Tomorrow, Connecticut’s poorest and most challenged school districts must submit their “Year 2 Alliance District Plans” to Commissioner Stefan Pryor and his loyal band of education reformers.
If you are a student, parent, teacher or administrator in one of the following towns…you should be worried….very worried.
The towns include: Ansonia, Bloomfield, Bridgeport, Bristol, Danbury, Derby, East Hartford, East Haven, East Windsor, Hartford, Hamden, Killingly, Manchester, Middletown, Meriden, Naugatuck, New Britain, New Haven, New London, Norwalk, Norwich, Putnam, Stamford, Vernon, Waterbury, West Haven, Windham, Winchester, Windsor and Windsor Locks.
Your legislators will tell you that despite the budget crisis, they were able to increase your level of school funding this year, thereby helping create better schools without dumping the entire burden on local taxpayers.
What they haven’t told you is the money is dependent on the approval of Malloy’s Commissioner of Education, Stefan Pryor, the long-time charter school advocate.
Once the plans are submitted, Pryor and his team will review the plans and determine whether they meet his “rubric” for “school change.” He and his team will then decide whether your town will get the additional education funding that was recently approved by the Connecticut General Assembly.
If he doesn’t approve the plan, your town doesn’t get the money. And rumor has it, in at least one case, the town won’t get the money unless they hire Achievement First to train local administrators….Achievement First being the charter school management company that Pryor co-founded.
And as every parent, teacher and administrator knows, if the money doesn’t move, additional program cuts will be forthcoming in those towns.
Worse, Pryor and his entourage have let go the very people within the Department of Education who actually know what these Alliance Districts need help with.
Last year, Alliance District Plans were primarily reviewed and handled by the Department of Education’s technical assistance operation, a group of seven Connecticut-trained Leaders in Residence and former superintendents who have spent the last six or seven years helping districts develop locally appropriate action plans.
But despite their extraordinary experience and dedication, those seven key staff people were let go by Malloy’s Commissioner this month and replaced by out-of-state consulting firm, Mass Insight, that are charging $965,000…hundreds of thousands more than the seven experts were being paid.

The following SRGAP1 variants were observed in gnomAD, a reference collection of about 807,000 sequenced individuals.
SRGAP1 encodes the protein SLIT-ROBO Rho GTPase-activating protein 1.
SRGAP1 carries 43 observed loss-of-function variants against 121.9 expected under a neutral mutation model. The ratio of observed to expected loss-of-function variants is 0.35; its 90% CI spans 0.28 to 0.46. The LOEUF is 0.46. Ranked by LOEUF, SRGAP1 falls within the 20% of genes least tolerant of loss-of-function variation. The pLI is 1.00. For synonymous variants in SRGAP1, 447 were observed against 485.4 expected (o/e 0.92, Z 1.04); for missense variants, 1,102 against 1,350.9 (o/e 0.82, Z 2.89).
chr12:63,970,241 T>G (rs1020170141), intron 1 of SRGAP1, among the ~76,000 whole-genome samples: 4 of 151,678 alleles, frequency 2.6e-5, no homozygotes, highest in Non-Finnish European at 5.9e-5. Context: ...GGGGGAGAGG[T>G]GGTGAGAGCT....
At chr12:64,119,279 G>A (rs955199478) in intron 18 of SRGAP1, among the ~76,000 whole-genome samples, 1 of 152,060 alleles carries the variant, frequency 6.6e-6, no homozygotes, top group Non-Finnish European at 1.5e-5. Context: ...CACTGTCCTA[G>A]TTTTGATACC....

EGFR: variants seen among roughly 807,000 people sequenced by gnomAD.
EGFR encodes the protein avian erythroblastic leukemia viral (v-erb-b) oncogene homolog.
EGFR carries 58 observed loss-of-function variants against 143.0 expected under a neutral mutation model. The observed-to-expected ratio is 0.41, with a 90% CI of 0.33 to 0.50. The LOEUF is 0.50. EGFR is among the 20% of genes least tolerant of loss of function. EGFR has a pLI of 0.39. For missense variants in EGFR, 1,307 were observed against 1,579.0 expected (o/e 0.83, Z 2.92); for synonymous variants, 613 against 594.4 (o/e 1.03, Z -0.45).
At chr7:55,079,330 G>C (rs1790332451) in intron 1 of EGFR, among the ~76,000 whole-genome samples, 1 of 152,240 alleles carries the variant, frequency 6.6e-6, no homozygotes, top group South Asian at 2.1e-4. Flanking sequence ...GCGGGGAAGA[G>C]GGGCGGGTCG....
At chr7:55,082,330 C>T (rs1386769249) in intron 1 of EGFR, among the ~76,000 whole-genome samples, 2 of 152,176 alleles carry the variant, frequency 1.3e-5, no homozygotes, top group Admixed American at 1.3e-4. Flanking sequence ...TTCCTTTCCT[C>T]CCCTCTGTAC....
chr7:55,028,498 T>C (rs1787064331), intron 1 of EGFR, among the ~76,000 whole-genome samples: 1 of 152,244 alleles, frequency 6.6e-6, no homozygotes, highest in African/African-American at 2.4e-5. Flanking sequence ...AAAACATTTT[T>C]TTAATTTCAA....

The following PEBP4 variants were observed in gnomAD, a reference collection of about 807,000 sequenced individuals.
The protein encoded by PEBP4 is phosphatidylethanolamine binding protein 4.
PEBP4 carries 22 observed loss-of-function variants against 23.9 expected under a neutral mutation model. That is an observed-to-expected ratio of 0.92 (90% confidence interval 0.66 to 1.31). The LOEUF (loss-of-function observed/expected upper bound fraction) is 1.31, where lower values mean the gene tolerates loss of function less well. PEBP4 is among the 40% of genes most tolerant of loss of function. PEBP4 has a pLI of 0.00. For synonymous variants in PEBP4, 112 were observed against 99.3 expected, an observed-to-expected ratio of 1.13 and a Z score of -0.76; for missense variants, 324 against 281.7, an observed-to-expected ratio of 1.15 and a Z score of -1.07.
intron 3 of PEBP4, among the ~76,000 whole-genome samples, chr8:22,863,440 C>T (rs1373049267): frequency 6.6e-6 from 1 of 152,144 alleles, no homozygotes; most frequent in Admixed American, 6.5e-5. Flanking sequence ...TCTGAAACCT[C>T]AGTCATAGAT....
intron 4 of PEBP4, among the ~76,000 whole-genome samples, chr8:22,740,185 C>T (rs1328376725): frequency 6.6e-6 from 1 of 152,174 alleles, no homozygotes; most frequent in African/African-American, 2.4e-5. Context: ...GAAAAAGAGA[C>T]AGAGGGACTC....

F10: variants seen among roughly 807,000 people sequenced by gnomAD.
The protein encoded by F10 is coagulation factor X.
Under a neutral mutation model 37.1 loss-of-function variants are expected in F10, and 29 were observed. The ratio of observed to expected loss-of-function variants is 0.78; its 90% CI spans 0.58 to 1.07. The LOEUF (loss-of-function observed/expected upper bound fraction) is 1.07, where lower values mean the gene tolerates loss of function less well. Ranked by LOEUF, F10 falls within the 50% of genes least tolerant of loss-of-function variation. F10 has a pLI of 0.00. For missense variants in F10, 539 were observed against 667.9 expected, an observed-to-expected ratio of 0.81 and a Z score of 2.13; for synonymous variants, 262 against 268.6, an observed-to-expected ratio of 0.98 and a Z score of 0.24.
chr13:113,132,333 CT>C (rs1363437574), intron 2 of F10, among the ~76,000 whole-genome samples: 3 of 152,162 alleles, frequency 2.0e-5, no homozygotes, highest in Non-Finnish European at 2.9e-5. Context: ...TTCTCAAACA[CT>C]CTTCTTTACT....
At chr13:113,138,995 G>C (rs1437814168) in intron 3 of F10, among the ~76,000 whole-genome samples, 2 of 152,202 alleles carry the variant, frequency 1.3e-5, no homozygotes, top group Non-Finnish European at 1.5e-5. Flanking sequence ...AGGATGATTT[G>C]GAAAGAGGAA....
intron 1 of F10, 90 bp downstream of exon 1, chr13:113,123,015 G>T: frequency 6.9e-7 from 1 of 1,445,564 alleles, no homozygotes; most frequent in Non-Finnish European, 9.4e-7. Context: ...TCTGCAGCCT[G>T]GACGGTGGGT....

Gone are the seven experts and their combined 250 years of experience working directly with local superintendents, principals, teachers and other administrators.
Instead the fate of funding for Connecticut’s neediest school districts rests with a group of consultants who have no meaningful experience with Connecticut’s communities.
Even more troubling and incredible, some Alliance School Districts are learning that in addition to the out-of-state consultants, Pryor has assigned some of his interns to review and rate the Alliance plans.
The very fate of our communities are being decided by consultants and interns with little to no Connecticut experience.
This absurd, inappropriate, unfair and dysfunctional operation is being headed by one of Pryor’s new out-of-state managers, Debra Kurshan, who joined the State Department of Education after a working for a charter school management organization, consulting for the New Orleans School Recovery District and helping to close public schools in New York City.
To make matters even worse, while the consulting contract with Mass Insight is only 90 days old, one of their most senior consultants has already left, only to be replaced with someone with even less experience.
If local taxpayers in the Alliance towns only knew how they were being played, they’d demand that their elected officials head back to Hartford and make major changes to this unjust and irresponsible process.
Instead, the Pryor operation will continue to play games with our students, parents, teachers, administrators and taxpayers of Connecticut.
But at least the out-of-state consulting company will walk away with almost a million dollars in taxpayer funds, so someone out there must be pretty happy.